Go download Worry Toobs for free and pretend you live on the Pacific Coast.


2012/03/08 / monteurhulot

MIXTAPE // March 2012

We said we were reviviving the tradition, so to make good on the promise, here’s an amalgamation of our favorite music of the month past.

Vodpod videos no longer available.

2012/03/06 / monteurhulot

ALBUM // Musette – Drape Me In Velvet

2009’s Datum was a very pleasant amalgam of chamber folk and instrumental pop redolent of days gone by, but this new offering is something altogether more magical. Drape Me In Velvet sounds like a lost work of The Clientele produced by the Avalanches which has spent the last 12 years sitting in an attic where rays autumnal light are always filtering through clouds of dust motes. Rarely is instrumental music this bursting with melody or so evocative in texture. An album one listen to repeatedly with never lessening delight. It might be the anti-Chillwave, and I’d rather smile mistily at all its gentle little turns than say another word about it.

Drape Me In Velvet is out from Häpna.

2012/03/01 / monteurhulot

LABEL // First Second

Keeping abreast of – and thinking about – electronic music, particularly that subsection designed for dance floors, can be exhausting, not so much because of the pace at producers and their machine symbionts flood the world’s communication systems with new variants, fusions and sub-generic tweaks and re-imagingings, but because of the endless debates about stagnation, commercialization, and authenticity that quickly follows each new permutation.

It is most soothing, then, when artists come around who approach established electronic genres with enough skill, craftsmanship and discernment to wash the grime of internecine quibbling from one’s mind.

Yes – I can use the word ‘dubstep’ again.

That’s thanks to Pachydermy EP from Ickis Mirolo, member of an Irish production cadre and its attendant Dublin-based netlabel, First Second. “Crickets” and “Insects” finds a position between turn-of-the-millenium originalism and “future/post” texturing from where the music can sound like a vital distillation of a genre, neither a tired rehash, a failed experiment, a regrettable fusion or a didactic bore. “Moth” plays with house and techno, which are actually the mainstays of the label so far – their introductory compilation, Zero One, is full of slick, tasteful house and techno numbers, alluding to many eras and locales without sliding into mere homage. David Kennedy’s two-track XOX/OXO joins feathery rave to steady disco, Bobofunk goes more of straight 2-step route, indulging along the way in a chintzy, fun garage remix of Madonna, Cult Clone drops two delicate tracks that fall between Four Tet and the Field, and Cameron Duffy makes some velvet-smooth with just enough force to drown out any complaints of gentrification.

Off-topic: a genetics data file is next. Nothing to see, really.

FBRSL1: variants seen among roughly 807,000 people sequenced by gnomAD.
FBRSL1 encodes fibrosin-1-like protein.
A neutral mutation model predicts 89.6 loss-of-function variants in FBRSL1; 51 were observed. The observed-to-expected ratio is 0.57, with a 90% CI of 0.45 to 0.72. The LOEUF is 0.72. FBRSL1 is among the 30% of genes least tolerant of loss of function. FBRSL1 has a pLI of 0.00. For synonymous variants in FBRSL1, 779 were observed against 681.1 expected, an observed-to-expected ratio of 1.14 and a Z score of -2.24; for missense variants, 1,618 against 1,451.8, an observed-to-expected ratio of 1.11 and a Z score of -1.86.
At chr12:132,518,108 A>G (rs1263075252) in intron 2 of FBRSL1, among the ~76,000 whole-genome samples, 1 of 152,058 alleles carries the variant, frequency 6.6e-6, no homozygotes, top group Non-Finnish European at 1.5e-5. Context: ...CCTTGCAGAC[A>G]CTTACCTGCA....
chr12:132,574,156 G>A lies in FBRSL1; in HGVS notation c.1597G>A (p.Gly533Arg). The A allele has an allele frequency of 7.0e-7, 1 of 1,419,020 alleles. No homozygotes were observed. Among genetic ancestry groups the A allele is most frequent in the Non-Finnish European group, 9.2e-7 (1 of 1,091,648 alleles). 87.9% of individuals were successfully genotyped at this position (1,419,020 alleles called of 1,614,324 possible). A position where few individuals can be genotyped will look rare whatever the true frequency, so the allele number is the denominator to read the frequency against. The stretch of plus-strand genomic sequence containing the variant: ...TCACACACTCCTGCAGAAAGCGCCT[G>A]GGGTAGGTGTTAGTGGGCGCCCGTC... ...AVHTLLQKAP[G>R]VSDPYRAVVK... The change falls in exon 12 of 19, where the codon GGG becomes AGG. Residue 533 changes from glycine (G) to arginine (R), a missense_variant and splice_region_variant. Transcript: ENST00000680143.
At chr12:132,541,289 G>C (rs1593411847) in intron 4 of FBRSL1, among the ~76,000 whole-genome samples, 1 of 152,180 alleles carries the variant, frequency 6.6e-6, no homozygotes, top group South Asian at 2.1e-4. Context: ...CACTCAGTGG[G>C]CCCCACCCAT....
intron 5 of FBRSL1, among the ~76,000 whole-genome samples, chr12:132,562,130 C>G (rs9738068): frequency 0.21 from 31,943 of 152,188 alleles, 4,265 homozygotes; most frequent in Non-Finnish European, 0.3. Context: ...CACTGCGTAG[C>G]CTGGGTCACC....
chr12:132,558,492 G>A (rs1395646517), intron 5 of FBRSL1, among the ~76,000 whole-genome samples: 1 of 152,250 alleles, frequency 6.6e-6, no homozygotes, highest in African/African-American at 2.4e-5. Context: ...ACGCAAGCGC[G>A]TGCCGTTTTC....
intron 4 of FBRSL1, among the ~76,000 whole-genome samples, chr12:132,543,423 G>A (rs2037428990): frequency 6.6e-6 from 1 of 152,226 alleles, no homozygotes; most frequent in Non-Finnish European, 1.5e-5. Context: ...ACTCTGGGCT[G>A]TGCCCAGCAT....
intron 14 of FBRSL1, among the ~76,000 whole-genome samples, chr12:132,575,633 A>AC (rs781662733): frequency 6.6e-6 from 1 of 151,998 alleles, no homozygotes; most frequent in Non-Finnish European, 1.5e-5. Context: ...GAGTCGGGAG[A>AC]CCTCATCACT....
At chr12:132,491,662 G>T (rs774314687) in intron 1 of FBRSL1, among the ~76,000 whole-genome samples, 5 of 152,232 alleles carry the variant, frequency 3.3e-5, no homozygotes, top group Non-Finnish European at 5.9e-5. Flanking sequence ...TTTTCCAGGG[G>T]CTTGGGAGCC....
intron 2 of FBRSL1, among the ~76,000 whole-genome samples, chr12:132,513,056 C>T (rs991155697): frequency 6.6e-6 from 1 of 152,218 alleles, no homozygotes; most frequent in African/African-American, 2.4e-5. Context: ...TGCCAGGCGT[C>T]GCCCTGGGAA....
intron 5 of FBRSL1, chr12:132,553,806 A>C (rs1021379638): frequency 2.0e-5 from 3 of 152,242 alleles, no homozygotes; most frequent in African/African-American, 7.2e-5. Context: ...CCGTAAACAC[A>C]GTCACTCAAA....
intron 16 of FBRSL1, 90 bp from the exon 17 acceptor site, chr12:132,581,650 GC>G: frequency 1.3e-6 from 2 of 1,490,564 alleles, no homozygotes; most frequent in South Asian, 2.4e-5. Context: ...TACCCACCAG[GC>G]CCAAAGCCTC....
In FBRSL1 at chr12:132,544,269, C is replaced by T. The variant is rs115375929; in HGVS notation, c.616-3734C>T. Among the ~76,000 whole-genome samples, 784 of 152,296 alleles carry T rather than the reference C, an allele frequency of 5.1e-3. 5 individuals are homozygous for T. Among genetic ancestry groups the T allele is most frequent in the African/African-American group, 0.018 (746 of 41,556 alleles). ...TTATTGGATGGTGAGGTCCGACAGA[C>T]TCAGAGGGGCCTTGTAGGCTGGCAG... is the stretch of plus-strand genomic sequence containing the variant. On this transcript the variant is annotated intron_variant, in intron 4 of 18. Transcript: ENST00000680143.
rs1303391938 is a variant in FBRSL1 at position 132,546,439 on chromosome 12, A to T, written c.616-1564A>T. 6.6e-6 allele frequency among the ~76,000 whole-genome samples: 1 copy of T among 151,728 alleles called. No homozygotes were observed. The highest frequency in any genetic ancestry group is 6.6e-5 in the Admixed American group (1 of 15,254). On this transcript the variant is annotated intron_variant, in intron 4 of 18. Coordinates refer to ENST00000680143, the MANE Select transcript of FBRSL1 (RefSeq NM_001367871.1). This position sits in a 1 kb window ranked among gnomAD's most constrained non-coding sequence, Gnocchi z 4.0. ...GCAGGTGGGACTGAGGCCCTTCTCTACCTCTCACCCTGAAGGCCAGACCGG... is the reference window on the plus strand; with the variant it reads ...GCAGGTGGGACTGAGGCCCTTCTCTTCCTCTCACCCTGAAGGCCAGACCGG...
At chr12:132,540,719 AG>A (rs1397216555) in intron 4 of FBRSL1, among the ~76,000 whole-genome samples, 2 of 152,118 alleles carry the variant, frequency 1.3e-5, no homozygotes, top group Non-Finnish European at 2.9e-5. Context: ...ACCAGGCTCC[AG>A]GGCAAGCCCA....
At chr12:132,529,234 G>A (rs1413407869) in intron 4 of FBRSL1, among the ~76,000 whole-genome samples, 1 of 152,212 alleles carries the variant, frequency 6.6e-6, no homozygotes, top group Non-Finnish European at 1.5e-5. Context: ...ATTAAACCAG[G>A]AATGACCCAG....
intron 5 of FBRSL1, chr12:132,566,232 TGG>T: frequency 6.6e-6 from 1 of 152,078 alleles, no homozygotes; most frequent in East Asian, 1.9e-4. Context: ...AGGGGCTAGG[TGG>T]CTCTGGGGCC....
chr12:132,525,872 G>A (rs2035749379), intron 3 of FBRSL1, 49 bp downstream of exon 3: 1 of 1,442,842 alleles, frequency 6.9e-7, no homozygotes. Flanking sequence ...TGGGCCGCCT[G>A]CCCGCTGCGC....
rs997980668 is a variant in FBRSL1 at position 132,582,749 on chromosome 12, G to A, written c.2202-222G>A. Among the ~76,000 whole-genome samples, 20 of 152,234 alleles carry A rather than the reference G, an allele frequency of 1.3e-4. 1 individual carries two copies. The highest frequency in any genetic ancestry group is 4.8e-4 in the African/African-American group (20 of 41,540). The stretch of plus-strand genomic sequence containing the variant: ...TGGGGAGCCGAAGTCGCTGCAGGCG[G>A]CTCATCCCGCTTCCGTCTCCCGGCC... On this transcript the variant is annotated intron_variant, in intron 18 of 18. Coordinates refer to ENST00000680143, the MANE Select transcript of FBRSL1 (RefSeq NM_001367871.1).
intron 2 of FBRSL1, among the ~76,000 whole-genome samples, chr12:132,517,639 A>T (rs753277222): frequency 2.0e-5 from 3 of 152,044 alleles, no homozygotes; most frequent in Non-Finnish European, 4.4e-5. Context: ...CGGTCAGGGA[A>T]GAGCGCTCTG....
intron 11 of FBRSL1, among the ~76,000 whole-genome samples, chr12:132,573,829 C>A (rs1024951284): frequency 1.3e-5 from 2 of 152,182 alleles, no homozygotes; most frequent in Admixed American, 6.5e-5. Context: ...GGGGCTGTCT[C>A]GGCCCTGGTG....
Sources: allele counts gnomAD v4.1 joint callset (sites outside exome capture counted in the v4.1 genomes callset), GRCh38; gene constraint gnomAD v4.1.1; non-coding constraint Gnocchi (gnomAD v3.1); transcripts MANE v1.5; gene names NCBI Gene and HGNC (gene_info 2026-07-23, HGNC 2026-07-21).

Oh and hey, all these releases are available as free downloads.

Go give them all a try, and keep your ears peeled. First Second looks to have a great year ahead.



2012/02/24 / monteurhulot

ALBUM // Peter Broderick –

Just last month we nominated Peter Broderick as the person responsible for the largest body of wonderful music in Two Thousand and Eleven, and now he again presents a collection of sounds that you very much need to hear. We won’t say much of anything about this new album; it speaks for itself not only in terms of quality, but also in a more direct sense as it is also a website. (And you thought that was only for terrible ideas from the 1990’s!)

So just start there. can also be obtained in non-website form.


2012/02/24 / Anton

MP3 // Russel Harmon – Tragedy Fractures

I’m very glad that I found this amazing drone-ambient piece by Reykjavik-based artist Russel Harmon on NFOP just now. The Ben Frost reference definitely makes sense – yet the beauty and harmony (ha, almost a pun – so close) Russel, who also plays guitar in the Icelandic instrumental outfit PORQUESÍ, manages to add to the intense sounds made me play this one over and over again.

An EP will be out his March, so until then close your eyes (press play before that, sorry I forgot) and enjoy the “Tragedy Fractures”.